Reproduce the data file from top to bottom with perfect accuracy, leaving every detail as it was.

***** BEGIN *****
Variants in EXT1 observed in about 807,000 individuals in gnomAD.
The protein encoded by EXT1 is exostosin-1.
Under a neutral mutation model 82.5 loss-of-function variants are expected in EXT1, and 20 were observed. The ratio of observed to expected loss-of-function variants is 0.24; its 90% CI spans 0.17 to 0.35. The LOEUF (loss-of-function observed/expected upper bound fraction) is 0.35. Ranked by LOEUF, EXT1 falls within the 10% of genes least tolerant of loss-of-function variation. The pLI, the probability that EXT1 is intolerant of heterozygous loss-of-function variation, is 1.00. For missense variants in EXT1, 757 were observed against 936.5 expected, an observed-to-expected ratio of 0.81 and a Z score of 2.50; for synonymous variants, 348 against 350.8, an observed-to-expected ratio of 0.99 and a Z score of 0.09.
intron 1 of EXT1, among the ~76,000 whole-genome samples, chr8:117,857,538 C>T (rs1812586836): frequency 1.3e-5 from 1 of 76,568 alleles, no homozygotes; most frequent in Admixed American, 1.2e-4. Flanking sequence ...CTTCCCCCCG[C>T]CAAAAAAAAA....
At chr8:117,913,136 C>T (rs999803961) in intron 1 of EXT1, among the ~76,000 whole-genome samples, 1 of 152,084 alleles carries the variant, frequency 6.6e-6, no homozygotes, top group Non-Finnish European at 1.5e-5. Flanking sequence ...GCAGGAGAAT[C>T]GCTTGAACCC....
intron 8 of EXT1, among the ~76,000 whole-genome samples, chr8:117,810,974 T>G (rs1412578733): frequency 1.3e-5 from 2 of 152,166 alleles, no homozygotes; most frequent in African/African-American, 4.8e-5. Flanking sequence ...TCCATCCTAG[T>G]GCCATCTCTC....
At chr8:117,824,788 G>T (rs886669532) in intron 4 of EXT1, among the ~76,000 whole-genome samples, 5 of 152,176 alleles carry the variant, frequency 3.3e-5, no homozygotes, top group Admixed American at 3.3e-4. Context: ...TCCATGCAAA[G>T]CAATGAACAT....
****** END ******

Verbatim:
Variants in EXT1 observed in about 807,000 individuals in gnomAD.
The protein encoded by EXT1 is exostosin-1.
Under a neutral mutation model 82.5 loss-of-function variants are expected in EXT1, and 20 were observed. The ratio of observed to expected loss-of-function variants is 0.24; its 90% CI spans 0.17 to 0.35. The LOEUF (loss-of-function observed/expected upper bound fraction) is 0.35. Ranked by LOEUF, EXT1 falls within the 10% of genes least tolerant of loss-of-function variation. The pLI, the probability that EXT1 is intolerant of heterozygous loss-of-function variation, is 1.00. For missense variants in EXT1, 757 were observed against 936.5 expected, an observed-to-expected ratio of 0.81 and a Z score of 2.50; for synonymous variants, 348 against 350.8, an observed-to-expected ratio of 0.99 and a Z score of 0.09.
intron 1 of EXT1, among the ~76,000 whole-genome samples, chr8:117,857,538 C>T (rs1812586836): frequency 1.3e-5 from 1 of 76,568 alleles, no homozygotes; most frequent in Admixed American, 1.2e-4. Flanking sequence ...CTTCCCCCCG[C>T]CAAAAAAAAA....
At chr8:117,913,136 C>T (rs999803961) in intron 1 of EXT1, among the ~76,000 whole-genome samples, 1 of 152,084 alleles carries the variant, frequency 6.6e-6, no homozygotes, top group Non-Finnish European at 1.5e-5. Flanking sequence ...GCAGGAGAAT[C>T]GCTTGAACCC....
intron 8 of EXT1, among the ~76,000 whole-genome samples, chr8:117,810,974 T>G (rs1412578733): frequency 1.3e-5 from 2 of 152,166 alleles, no homozygotes; most frequent in African/African-American, 4.8e-5. Flanking sequence ...TCCATCCTAG[T>G]GCCATCTCTC....
At chr8:117,824,788 G>T (rs886669532) in intron 4 of EXT1, among the ~76,000 whole-genome samples, 5 of 152,176 alleles carry the variant, frequency 3.3e-5, no homozygotes, top group Admixed American at 3.3e-4. Context: ...TCCATGCAAA[G>T]CAATGAACAT....